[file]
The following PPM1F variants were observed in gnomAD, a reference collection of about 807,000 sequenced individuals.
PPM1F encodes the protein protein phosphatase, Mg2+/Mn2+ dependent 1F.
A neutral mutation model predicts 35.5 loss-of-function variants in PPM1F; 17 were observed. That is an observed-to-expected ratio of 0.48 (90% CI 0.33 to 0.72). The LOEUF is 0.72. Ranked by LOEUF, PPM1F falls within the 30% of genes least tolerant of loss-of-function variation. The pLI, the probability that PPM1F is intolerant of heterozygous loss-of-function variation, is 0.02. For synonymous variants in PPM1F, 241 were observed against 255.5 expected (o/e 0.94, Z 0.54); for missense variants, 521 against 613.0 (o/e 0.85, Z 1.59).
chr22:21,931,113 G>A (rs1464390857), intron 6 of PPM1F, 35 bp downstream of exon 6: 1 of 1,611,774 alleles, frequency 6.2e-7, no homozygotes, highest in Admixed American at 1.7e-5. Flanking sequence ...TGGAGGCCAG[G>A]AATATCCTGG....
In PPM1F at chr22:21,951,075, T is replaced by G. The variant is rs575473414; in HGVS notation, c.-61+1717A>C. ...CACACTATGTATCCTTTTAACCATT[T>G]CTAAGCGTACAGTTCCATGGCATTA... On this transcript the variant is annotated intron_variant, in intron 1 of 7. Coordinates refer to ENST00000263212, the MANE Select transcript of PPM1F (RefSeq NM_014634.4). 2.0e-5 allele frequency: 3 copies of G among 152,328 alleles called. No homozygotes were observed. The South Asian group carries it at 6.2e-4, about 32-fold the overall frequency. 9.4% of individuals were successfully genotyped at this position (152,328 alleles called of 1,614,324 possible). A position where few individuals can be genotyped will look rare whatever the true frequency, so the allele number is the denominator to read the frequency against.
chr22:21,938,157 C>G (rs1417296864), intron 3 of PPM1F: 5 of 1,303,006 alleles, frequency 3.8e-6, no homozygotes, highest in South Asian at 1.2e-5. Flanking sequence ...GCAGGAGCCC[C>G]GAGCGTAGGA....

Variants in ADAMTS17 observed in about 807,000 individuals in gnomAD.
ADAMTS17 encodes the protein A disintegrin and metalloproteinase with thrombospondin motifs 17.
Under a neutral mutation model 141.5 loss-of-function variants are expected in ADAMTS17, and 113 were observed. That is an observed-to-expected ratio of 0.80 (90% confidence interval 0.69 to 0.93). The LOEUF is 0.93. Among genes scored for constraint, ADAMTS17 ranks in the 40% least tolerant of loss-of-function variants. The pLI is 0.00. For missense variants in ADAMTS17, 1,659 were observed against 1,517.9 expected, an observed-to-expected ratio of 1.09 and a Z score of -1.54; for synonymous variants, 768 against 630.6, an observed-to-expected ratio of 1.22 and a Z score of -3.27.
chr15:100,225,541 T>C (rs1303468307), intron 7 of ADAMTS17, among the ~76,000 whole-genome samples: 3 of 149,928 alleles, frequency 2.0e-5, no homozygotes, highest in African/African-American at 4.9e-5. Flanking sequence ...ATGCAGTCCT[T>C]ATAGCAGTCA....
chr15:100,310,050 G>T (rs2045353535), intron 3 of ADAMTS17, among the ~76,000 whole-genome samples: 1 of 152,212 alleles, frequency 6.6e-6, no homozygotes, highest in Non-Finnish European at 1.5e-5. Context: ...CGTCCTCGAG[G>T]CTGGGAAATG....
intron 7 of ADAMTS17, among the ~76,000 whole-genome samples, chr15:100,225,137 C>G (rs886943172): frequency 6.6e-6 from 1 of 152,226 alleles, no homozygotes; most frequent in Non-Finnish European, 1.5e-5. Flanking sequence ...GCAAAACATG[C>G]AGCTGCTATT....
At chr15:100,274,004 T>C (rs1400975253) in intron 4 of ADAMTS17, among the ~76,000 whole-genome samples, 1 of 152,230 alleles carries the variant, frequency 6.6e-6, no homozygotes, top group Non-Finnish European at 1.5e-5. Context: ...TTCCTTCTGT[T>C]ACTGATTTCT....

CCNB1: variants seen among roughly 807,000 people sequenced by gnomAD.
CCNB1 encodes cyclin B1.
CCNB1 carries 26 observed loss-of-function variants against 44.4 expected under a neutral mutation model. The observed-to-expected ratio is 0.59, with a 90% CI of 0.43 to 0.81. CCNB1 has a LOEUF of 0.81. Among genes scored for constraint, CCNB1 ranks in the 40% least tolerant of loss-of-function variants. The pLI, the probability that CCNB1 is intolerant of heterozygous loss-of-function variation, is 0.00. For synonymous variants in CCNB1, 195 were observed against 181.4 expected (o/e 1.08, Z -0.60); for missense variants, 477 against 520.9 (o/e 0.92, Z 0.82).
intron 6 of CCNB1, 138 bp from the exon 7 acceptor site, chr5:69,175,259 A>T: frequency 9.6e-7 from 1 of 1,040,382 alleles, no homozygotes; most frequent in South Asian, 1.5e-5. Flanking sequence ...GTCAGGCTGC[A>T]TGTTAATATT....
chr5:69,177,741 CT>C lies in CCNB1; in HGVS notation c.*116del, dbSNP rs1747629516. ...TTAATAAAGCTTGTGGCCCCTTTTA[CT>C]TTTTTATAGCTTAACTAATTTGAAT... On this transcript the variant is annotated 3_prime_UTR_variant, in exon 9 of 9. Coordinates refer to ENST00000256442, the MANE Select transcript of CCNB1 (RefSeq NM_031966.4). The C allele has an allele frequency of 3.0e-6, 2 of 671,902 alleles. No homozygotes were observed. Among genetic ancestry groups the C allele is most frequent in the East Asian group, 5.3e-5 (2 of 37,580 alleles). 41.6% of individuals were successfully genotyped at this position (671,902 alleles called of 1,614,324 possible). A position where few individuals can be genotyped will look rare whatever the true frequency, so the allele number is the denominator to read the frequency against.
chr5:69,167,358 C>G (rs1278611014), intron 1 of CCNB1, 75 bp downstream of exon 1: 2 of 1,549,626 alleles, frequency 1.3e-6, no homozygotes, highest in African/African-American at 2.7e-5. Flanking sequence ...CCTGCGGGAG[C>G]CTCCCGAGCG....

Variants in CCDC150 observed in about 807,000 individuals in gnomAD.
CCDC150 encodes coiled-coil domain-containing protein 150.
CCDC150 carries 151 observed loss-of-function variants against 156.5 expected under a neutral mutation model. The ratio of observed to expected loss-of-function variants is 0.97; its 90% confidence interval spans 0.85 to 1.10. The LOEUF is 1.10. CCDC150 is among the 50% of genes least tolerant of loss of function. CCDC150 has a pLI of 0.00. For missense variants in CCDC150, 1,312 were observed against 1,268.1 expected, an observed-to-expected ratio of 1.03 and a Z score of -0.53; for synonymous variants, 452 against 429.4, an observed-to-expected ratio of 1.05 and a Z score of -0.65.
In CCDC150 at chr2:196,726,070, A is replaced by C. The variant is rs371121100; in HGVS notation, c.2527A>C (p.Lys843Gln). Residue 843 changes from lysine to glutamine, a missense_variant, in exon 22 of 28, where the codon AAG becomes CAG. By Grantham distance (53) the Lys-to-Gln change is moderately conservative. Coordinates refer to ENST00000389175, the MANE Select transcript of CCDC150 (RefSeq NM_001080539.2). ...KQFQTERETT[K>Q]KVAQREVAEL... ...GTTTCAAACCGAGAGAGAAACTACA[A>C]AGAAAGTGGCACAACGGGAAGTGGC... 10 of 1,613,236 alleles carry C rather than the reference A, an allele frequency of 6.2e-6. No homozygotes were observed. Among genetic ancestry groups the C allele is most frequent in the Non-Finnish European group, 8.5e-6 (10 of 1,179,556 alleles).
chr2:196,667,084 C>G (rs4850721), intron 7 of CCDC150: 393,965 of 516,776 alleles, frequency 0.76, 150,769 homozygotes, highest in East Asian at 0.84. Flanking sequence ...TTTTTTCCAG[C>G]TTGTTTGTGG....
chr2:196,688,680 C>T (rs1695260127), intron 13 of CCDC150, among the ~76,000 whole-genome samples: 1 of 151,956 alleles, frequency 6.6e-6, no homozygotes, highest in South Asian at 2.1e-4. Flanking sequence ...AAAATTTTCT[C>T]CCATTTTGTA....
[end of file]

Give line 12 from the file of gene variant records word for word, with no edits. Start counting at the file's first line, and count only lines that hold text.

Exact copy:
intron 7 of ADAMTS17, among the ~76,000 whole-genome samples, chr15:100,225,137 C>G (rs886943172): frequency 6.6e-6 from 1 of 152,226 alleles, no homozygotes; most frequent in Non-Finnish European, 1.5e-5. Flanking sequence ...GCAAAACATG[C>G]AGCTGCTATT....